By Brian Doherty
By the time I got to this morning's planned Ron Paul meet and greet with the diners at Moes and Joes in Manchester, New Hampshire, the candidate and his team has already cut the event short--his time in the restaurant lasted mere mere minutes, I was told--and were trapped by many dozens of reporters and cameras mobbed around his escape vehicle.
Paul's political director Jesse Benton told me later that the press scrum inside had been so intense, making even moving through the restaurant much less having any meaningful voter interactions so impossible, they decided for the peace and safety of all concerned to regretfully bow out. (Paul's wife Carol had herself been shoved by a reporter, according to a campaign press release on the matter today.)
The press surrounded one upset woman who had brought her 90-year-old mother to see Paul and was now bereft. She seemed to feel the whole thing was Paul's fault. Six or more cameras and mics picked up her sad tale, and Democratic presidential hopeful Vermin Supreme (who kind of looks like a wizard, a wizard with a boot on his head) was shouting through his megaphone at the trapped van: "Ron Paul, we are the media. We have you completely surrounded. You will answer all our questions."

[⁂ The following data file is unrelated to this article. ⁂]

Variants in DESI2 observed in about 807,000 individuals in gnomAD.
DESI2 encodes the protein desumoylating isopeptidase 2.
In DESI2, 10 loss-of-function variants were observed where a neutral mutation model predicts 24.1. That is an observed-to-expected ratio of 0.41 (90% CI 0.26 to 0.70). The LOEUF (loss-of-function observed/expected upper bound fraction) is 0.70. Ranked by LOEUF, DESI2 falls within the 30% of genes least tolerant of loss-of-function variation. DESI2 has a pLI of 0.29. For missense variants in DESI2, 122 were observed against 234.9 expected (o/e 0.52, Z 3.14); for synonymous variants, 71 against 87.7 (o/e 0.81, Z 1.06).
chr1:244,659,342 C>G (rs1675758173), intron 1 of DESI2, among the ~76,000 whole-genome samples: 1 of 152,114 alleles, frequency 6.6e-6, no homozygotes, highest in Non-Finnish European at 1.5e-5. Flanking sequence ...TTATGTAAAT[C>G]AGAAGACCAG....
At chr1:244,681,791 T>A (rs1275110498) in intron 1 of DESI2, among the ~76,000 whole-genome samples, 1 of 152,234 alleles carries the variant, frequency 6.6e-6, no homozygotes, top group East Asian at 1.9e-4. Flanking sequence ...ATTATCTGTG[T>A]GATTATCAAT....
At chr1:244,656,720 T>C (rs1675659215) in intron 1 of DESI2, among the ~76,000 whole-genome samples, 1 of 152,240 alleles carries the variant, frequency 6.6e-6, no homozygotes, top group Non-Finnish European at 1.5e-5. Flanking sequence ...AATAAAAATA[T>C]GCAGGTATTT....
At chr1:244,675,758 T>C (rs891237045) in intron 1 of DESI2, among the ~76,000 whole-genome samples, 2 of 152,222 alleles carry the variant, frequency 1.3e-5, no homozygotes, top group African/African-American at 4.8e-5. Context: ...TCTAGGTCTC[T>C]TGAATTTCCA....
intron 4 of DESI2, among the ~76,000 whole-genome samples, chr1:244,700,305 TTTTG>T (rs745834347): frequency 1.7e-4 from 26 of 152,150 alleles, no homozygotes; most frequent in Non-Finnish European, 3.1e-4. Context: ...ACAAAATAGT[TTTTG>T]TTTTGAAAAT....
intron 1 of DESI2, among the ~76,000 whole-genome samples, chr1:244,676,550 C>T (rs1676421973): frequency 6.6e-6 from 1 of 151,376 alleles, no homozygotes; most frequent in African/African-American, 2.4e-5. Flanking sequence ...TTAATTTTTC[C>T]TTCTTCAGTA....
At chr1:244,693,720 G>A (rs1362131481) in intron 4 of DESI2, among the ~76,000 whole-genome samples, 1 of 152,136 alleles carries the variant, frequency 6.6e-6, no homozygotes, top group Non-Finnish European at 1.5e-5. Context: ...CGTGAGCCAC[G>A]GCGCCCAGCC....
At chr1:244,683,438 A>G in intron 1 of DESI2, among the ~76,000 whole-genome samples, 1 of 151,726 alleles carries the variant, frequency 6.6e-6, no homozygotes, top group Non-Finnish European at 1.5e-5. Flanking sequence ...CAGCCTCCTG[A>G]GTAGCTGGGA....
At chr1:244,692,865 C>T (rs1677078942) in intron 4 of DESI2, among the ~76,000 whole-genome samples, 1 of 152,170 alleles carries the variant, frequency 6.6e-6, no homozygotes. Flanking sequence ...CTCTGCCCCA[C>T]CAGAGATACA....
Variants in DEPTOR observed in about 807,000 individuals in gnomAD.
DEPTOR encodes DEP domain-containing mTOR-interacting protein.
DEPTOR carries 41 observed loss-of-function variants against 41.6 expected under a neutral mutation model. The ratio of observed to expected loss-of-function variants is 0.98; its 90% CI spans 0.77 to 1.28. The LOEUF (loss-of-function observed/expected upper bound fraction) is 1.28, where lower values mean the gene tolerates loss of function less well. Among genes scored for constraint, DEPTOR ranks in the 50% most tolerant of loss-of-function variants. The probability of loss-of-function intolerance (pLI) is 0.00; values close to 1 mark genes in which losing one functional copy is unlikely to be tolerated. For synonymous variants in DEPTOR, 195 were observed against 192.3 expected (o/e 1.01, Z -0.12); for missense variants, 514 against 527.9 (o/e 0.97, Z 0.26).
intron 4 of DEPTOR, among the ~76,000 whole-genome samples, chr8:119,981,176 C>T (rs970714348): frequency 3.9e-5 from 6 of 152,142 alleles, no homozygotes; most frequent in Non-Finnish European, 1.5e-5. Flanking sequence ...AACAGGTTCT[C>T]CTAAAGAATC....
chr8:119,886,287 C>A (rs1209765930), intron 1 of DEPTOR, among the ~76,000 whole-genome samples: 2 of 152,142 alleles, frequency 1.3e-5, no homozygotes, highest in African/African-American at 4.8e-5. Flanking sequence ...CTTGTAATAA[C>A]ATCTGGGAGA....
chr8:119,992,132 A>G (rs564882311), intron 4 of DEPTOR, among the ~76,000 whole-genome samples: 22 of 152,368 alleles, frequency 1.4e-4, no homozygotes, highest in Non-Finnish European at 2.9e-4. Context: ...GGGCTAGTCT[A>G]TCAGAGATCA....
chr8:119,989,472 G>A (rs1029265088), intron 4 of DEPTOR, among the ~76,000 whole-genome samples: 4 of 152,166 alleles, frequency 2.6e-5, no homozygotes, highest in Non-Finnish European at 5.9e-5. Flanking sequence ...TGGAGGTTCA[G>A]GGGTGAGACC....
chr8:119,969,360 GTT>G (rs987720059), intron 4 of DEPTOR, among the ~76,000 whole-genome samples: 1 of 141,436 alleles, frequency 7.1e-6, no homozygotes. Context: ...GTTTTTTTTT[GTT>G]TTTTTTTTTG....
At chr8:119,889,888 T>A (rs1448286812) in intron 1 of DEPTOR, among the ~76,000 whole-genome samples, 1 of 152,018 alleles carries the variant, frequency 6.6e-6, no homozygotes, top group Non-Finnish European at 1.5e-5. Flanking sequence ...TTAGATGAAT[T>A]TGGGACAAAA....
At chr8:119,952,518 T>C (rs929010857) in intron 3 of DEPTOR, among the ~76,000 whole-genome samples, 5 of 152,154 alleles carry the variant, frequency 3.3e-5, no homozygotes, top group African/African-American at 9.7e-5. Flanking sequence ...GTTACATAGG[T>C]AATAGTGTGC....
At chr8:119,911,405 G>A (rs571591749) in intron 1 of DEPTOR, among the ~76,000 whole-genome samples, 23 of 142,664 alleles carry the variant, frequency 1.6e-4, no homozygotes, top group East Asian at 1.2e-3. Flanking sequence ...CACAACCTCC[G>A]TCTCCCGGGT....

One version of the woman's sad tale:
Tyler Clark, a Young Americans for Liberty activist, had brought his grandmother Virginia Clark to see Paul. Despite her grandson's efforts, she expected to give her vote tomorrow to Jon Huntsman, because she wants to boost him to South Carolina. She thinks he hasn't had the chance to get the exposure he deserves. (Every voter is a political strategist here in New Hampshire.)
Virginia has liked Huntsman for a month, but seeing him get more attention has made her more inclined to actually vote for him. She appreciates both his foreign policy and his gubernatorial experience. She met a personal friend of both Huntsman and Romney, she says, who "didn't have much good to say about his friend Mitt Romney." Tyler adds that this friend of Mitt's reported that Mitt in private is exactly like Mitt in public--"a stickler and an elitist." Tyler adds, "He can't connect to all of us because his heart has been ripped out and replaced with $400,000 from Goldman Sachs."
Tyler has seen every candidate but Perry, who he is angry with over his anti-gays-in-the-military ad. He says Santorum's crowds tend to skew toward older, and to media.
After about 20 minutes of the weird media standoff, they backed off enough to allow Paul's van to take him on to his next appearance, an invite-only meeting of largely homeschooling families in Hollis, New Hampshire, more on which later.